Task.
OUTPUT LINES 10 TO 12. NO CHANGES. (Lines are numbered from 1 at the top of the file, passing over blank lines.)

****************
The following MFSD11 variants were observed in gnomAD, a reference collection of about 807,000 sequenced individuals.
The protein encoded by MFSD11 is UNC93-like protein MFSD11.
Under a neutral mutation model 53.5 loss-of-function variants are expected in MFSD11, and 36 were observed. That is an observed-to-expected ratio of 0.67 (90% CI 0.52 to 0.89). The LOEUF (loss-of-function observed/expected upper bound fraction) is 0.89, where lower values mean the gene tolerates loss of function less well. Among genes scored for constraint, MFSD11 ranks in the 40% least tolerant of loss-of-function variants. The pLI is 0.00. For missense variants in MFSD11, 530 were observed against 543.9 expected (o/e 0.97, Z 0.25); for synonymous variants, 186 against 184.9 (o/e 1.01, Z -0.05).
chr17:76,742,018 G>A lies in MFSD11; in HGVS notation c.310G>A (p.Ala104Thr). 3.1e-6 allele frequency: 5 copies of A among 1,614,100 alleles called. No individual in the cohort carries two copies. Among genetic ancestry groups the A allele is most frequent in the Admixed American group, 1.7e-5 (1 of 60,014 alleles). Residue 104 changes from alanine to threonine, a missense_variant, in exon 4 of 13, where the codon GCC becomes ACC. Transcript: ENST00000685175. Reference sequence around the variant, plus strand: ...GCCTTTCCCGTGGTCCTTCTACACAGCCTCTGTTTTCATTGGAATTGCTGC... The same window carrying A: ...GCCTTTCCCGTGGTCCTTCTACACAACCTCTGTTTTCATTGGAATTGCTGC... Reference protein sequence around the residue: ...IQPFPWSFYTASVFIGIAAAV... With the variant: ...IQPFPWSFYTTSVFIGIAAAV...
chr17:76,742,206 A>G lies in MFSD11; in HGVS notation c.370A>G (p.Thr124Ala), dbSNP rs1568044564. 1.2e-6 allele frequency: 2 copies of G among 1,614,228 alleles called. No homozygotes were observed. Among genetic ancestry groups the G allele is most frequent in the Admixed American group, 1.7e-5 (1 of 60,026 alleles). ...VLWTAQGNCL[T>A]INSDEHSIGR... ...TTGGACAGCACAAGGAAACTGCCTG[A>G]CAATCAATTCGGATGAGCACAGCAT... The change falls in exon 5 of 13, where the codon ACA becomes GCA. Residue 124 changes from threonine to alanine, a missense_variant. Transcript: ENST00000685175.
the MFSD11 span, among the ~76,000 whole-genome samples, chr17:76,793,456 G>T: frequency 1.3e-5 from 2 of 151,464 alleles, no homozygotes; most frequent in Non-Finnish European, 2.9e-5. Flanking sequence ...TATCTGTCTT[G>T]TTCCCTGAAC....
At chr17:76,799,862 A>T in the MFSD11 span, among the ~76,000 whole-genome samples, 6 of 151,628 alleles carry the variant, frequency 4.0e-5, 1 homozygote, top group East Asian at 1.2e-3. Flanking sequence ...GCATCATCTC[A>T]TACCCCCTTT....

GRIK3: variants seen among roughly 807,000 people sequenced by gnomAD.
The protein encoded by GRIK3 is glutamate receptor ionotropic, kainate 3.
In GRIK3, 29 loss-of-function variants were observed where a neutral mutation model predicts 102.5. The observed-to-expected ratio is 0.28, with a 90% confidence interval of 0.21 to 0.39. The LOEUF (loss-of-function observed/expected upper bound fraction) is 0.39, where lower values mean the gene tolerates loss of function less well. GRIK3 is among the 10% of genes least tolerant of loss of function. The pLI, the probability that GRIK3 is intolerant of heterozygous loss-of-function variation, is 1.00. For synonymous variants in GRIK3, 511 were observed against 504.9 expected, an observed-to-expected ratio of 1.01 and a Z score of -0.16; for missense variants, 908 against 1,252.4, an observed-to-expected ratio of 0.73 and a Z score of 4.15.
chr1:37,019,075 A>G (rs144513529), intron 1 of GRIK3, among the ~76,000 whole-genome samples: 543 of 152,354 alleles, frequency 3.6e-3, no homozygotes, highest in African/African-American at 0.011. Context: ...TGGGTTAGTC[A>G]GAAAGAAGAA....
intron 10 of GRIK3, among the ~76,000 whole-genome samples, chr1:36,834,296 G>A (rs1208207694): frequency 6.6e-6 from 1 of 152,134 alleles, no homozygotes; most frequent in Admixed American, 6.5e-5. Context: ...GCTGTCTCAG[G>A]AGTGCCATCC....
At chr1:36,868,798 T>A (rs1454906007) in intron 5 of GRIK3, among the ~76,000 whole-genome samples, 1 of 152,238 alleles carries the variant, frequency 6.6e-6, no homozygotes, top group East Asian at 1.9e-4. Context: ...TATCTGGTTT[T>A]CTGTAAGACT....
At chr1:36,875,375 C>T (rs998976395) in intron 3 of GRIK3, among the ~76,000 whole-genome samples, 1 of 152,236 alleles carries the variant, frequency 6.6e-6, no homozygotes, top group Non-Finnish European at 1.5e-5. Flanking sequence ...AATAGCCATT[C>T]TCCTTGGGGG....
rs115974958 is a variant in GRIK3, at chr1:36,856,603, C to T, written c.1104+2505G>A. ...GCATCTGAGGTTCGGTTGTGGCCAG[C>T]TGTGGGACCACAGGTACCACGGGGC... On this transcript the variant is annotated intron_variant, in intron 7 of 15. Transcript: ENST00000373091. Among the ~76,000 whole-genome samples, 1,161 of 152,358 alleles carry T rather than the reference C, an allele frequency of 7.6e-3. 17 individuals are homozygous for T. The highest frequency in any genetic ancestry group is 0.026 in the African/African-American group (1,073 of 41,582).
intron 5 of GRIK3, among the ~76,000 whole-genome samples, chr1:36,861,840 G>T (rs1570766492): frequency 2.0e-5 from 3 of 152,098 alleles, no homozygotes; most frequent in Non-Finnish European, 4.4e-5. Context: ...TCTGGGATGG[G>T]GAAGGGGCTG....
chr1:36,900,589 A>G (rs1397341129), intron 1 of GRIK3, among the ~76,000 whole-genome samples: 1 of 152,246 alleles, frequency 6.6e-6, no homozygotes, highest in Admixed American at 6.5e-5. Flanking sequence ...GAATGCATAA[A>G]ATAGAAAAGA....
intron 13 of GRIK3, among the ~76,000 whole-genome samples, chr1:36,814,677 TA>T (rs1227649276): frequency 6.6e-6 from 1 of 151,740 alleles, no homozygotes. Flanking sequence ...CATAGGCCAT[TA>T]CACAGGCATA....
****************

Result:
In GRIK3, 29 loss-of-function variants were observed where a neutral mutation model predicts 102.5. The observed-to-expected ratio is 0.28, with a 90% confidence interval of 0.21 to 0.39. The LOEUF (loss-of-function observed/expected upper bound fraction) is 0.39, where lower values mean the gene tolerates loss of function less well. GRIK3 is among the 10% of genes least tolerant of loss of function. The pLI, the probability that GRIK3 is intolerant of heterozygous loss-of-function variation, is 1.00. For synonymous variants in GRIK3, 511 were observed against 504.9 expected, an observed-to-expected ratio of 1.01 and a Z score of -0.16; for missense variants, 908 against 1,252.4, an observed-to-expected ratio of 0.73 and a Z score of 4.15.
chr1:37,019,075 A>G (rs144513529), intron 1 of GRIK3, among the ~76,000 whole-genome samples: 543 of 152,354 alleles, frequency 3.6e-3, no homozygotes, highest in African/African-American at 0.011. Context: ...TGGGTTAGTC[A>G]GAAAGAAGAA....
intron 10 of GRIK3, among the ~76,000 whole-genome samples, chr1:36,834,296 G>A (rs1208207694): frequency 6.6e-6 from 1 of 152,134 alleles, no homozygotes; most frequent in Admixed American, 6.5e-5. Context: ...GCTGTCTCAG[G>A]AGTGCCATCC....